Imagine you’ve just walked through the door on the first day of your new job. You’ve signed your contract, gone through HR onboarding, collaborated with your colleagues, and even sent an invoice – and all without touching a single piece of paper.
The “paperless office” has become increasingly popular in recent years, and it’s easy to see why – it can help to reduce costs, slash emissions, and boost your team’s workflow efficiency. Explore how to run a paperless office, right here.
What is a paperless office?
A paperless office is exactly what it sounds like – a work environment wherein the usage of paper is either eliminated completely or greatly reduced. The concept of the “paperless office” has been around for decades, but it wasn’t until the advent of electronic documents, e-signatures, and email that they really became a viable option.
But there’s still a long way to go. From presentation handouts to physical receipts, bank statements to contracts, many vital business functions still revolve around paper. However, with so many benefits associated with the paperless office, that may be about to change.
What are the benefits of a paperless office?
There are a broad range of advantages associated with a paperless office strategy. First off, let’s talk about the environmental benefits of a paperless office. Going paperless can help to reduce your CO2 emissions, which is likely to have an incredible impact on your overall environmental impact. After all, trees only produce around 17 reams of paper, and with the average UK office using around 830 pieces of paper per month, removing paper from your business processes could be genuinely beneficial.
Beyond the environmental benefits of a paperless office, there’s the economic factor. You’ll be able to save money on printing, ink, postage, and file storage. If your business uses a lot of paper, this could end up being a significant saving. It’s also important to remember that a paperless office is a smaller office – after all, you won’t need space for any file cabinets or bookshelves – and as such, you could also save money on rent by transitioning to a leaner office space.
You may also want to think about the increased efficiency of a paperless office. Not only can it help to reduce clutter but eliminating your reliance on paper can also lead to better digital collaboration between your team members. Plus, if your team is able to find files at the click of a button, they’ll be able to spend more time on important tasks that actually add value to your business, rather than spending hours rifling through physical files in search of the right document.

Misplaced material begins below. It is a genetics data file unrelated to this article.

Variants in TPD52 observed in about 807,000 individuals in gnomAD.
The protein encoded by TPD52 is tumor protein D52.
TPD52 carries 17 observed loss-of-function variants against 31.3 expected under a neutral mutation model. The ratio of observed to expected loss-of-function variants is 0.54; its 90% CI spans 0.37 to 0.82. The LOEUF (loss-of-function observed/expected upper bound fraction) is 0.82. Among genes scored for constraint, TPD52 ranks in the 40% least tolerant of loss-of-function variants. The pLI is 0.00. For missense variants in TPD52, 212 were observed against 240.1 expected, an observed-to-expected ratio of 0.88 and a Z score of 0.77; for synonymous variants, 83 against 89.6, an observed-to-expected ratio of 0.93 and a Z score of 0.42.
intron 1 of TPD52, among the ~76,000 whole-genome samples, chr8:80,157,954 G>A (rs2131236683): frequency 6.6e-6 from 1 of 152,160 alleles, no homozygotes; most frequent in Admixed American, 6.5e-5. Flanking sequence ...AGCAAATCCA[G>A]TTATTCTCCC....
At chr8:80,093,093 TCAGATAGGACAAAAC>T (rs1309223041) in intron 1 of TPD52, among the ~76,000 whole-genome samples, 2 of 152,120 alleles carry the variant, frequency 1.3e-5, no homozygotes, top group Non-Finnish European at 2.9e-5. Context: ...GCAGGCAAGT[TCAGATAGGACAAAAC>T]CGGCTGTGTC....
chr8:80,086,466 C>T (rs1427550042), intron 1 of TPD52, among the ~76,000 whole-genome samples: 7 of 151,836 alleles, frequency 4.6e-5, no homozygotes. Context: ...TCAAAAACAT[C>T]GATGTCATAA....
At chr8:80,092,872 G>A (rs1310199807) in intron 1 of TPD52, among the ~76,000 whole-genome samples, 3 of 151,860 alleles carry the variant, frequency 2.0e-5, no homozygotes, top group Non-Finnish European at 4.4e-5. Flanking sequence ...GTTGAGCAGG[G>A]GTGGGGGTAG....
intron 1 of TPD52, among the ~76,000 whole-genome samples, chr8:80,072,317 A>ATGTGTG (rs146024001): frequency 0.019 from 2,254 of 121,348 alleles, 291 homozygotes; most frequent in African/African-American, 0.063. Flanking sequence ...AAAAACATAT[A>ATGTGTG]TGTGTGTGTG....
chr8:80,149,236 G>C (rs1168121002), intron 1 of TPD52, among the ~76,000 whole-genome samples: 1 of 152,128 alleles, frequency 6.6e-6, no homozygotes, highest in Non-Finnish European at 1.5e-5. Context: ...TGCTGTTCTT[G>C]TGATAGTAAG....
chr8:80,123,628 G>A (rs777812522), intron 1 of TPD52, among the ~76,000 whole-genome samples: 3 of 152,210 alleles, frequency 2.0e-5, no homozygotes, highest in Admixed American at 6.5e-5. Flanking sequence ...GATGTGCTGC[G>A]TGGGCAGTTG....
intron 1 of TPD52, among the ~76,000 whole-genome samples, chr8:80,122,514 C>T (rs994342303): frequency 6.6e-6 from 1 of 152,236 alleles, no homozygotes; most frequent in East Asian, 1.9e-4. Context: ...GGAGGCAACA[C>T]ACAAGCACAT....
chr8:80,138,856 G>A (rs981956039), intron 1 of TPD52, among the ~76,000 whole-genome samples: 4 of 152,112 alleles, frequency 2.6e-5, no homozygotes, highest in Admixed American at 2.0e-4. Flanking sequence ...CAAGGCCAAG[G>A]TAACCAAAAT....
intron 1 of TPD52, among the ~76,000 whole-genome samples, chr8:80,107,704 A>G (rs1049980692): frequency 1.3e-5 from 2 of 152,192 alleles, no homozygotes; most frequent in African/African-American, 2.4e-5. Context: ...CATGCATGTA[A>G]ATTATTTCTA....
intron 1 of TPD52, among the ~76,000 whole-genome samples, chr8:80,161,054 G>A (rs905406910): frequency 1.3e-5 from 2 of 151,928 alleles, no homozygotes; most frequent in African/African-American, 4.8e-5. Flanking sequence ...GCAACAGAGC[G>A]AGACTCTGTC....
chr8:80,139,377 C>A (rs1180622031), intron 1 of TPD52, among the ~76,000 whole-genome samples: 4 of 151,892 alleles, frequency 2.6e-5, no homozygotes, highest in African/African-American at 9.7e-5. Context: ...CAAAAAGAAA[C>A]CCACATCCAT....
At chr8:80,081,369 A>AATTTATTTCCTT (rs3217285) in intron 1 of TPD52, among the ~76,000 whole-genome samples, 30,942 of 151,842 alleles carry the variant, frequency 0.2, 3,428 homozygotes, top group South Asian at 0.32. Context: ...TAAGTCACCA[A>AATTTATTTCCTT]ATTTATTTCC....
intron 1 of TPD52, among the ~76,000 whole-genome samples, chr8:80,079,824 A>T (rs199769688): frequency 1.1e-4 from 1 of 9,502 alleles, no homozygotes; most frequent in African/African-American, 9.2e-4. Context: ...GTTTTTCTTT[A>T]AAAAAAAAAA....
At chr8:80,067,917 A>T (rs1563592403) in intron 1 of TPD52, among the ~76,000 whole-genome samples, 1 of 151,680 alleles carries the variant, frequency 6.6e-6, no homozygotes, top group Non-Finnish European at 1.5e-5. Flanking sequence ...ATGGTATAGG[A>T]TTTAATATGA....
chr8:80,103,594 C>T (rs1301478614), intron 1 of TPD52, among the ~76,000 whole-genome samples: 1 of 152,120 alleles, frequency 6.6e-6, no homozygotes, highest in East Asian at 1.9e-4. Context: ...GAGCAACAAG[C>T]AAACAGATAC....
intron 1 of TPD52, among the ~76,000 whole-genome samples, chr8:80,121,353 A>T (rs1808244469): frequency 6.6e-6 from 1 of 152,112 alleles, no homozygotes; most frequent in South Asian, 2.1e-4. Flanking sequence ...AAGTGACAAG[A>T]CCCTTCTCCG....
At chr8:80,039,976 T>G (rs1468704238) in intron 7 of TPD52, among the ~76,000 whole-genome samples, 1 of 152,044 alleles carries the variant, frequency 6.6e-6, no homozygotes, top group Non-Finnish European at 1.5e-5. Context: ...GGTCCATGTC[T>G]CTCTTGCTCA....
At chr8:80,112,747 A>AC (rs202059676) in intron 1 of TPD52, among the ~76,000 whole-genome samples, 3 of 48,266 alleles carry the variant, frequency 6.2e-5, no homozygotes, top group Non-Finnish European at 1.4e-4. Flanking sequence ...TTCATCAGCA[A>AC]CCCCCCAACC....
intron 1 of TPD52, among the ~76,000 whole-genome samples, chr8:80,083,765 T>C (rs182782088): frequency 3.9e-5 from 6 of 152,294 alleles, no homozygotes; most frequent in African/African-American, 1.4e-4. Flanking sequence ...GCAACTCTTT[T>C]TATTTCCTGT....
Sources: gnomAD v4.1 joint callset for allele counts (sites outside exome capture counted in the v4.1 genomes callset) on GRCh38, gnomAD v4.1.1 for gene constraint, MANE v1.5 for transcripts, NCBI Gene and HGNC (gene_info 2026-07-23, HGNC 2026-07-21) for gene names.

Furthermore, going paperless can ensure that your files are more secure. When you’re dealing with paper, files can be misfiled, lost, or destroyed without anyone ever noticing. Plus, it’s much more difficult to monitor who has access to your company’s sensitive files, how many copies there are, and who they’ve been shared with. Disaster recovery is also simpler with digital files. Think about it. If you’re storing files in filing cabinets, fires or floods can make recovery a nightmare.
Is a paperless office a reality or not?
That all sounds great, but is the paperless office a reality, or not? While some businesses may be dragging their feet, innovations like e-signatures, electronic documents, the cloud, and online file storage have made the paperless office a genuine possibility for businesses all over the world. And while it’s probably impossible (and unnecessary) for most businesses to completely eliminate paper from their workflow, there’s no reason why the vast majority of companies shouldn’t be able to transition to a largely paperless working environment.
Best paperless office strategy tips
Now that you know a little more about the paperless office, you’re probably wondering how to start reducing paper within your own business. Find out how to run a paperless office with our handy tips:
Estimate your current paper needs – Even for small businesses, it can be difficult to know how much paper you’re actually getting through. Conduct an audit to determine how much you’re printing and work out what the potential cost savings of going paperless could be.
Start going digital – Moving to cloud-based applications can help cut down on the amount of work your company is doing on paper. For example, Google Docs can be used for collaborating on files, while Dropbox can be used to share and store your documents.
Train your team – The shift to a paperless office strategy isn’t always plain sailing, particularly when your employees have been working a certain way for a long period of time. Provide proper training and incentivise your staff with rewards for printing fewer documents.
Scan documents you receive from other people – You might be going paperless, but that doesn’t mean your clients or vendors are as well. Purchase a document scanner to store any paperwork you receive (invoices, receipts, etc.) in PDF format.
Update your office – Finally, you need to ensure that you’re fully taking advantage of your paperless office strategy. That means updating your office. For example, you may want to think about getting dual monitors so that your employees can work on multiple documents at the same time.
We can help
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